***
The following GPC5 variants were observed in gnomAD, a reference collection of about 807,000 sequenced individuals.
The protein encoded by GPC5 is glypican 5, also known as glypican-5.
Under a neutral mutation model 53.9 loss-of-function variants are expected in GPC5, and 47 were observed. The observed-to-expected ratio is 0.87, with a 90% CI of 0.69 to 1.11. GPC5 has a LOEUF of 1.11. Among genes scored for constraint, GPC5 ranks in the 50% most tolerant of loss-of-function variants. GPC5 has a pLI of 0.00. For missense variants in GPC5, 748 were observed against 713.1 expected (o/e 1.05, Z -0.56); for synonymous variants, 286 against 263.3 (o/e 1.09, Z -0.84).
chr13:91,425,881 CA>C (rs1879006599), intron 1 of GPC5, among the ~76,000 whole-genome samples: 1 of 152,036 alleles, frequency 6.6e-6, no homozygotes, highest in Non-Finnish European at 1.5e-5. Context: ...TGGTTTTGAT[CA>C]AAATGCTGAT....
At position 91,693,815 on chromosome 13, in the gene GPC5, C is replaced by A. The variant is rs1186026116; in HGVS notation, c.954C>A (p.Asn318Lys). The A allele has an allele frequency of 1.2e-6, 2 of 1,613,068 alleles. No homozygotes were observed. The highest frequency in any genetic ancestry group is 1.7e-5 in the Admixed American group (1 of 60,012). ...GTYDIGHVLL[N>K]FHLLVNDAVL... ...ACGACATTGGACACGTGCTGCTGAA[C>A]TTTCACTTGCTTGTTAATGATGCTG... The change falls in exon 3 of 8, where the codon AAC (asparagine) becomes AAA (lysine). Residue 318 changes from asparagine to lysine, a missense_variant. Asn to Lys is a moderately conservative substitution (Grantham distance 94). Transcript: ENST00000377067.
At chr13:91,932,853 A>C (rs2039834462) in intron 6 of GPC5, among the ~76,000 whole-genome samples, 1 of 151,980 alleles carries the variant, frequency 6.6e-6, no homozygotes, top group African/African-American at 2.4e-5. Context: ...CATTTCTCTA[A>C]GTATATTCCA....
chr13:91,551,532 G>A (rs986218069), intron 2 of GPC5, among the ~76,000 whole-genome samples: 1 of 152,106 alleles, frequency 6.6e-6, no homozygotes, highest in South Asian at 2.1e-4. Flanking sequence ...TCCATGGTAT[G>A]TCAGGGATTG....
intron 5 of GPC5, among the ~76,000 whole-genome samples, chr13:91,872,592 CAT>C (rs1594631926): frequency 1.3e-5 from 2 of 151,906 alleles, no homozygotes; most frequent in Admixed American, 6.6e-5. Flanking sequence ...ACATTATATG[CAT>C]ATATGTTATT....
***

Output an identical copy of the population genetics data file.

The following GPC5 variants were observed in gnomAD, a reference collection of about 807,000 sequenced individuals.
The protein encoded by GPC5 is glypican 5, also known as glypican-5.
Under a neutral mutation model 53.9 loss-of-function variants are expected in GPC5, and 47 were observed. The observed-to-expected ratio is 0.87, with a 90% CI of 0.69 to 1.11. GPC5 has a LOEUF of 1.11. Among genes scored for constraint, GPC5 ranks in the 50% most tolerant of loss-of-function variants. GPC5 has a pLI of 0.00. For missense variants in GPC5, 748 were observed against 713.1 expected (o/e 1.05, Z -0.56); for synonymous variants, 286 against 263.3 (o/e 1.09, Z -0.84).
chr13:91,425,881 CA>C (rs1879006599), intron 1 of GPC5, among the ~76,000 whole-genome samples: 1 of 152,036 alleles, frequency 6.6e-6, no homozygotes, highest in Non-Finnish European at 1.5e-5. Context: ...TGGTTTTGAT[CA>C]AAATGCTGAT....
At position 91,693,815 on chromosome 13, in the gene GPC5, C is replaced by A. The variant is rs1186026116; in HGVS notation, c.954C>A (p.Asn318Lys). The A allele has an allele frequency of 1.2e-6, 2 of 1,613,068 alleles. No homozygotes were observed. The highest frequency in any genetic ancestry group is 1.7e-5 in the Admixed American group (1 of 60,012). ...GTYDIGHVLL[N>K]FHLLVNDAVL... ...ACGACATTGGACACGTGCTGCTGAA[C>A]TTTCACTTGCTTGTTAATGATGCTG... The change falls in exon 3 of 8, where the codon AAC (asparagine) becomes AAA (lysine). Residue 318 changes from asparagine to lysine, a missense_variant. Asn to Lys is a moderately conservative substitution (Grantham distance 94). Transcript: ENST00000377067.
At chr13:91,932,853 A>C (rs2039834462) in intron 6 of GPC5, among the ~76,000 whole-genome samples, 1 of 151,980 alleles carries the variant, frequency 6.6e-6, no homozygotes, top group African/African-American at 2.4e-5. Context: ...CATTTCTCTA[A>C]GTATATTCCA....
chr13:91,551,532 G>A (rs986218069), intron 2 of GPC5, among the ~76,000 whole-genome samples: 1 of 152,106 alleles, frequency 6.6e-6, no homozygotes, highest in South Asian at 2.1e-4. Flanking sequence ...TCCATGGTAT[G>A]TCAGGGATTG....
intron 5 of GPC5, among the ~76,000 whole-genome samples, chr13:91,872,592 CAT>C (rs1594631926): frequency 1.3e-5 from 2 of 151,906 alleles, no homozygotes; most frequent in Admixed American, 6.6e-5. Flanking sequence ...ACATTATATG[CAT>C]ATATGTTATT....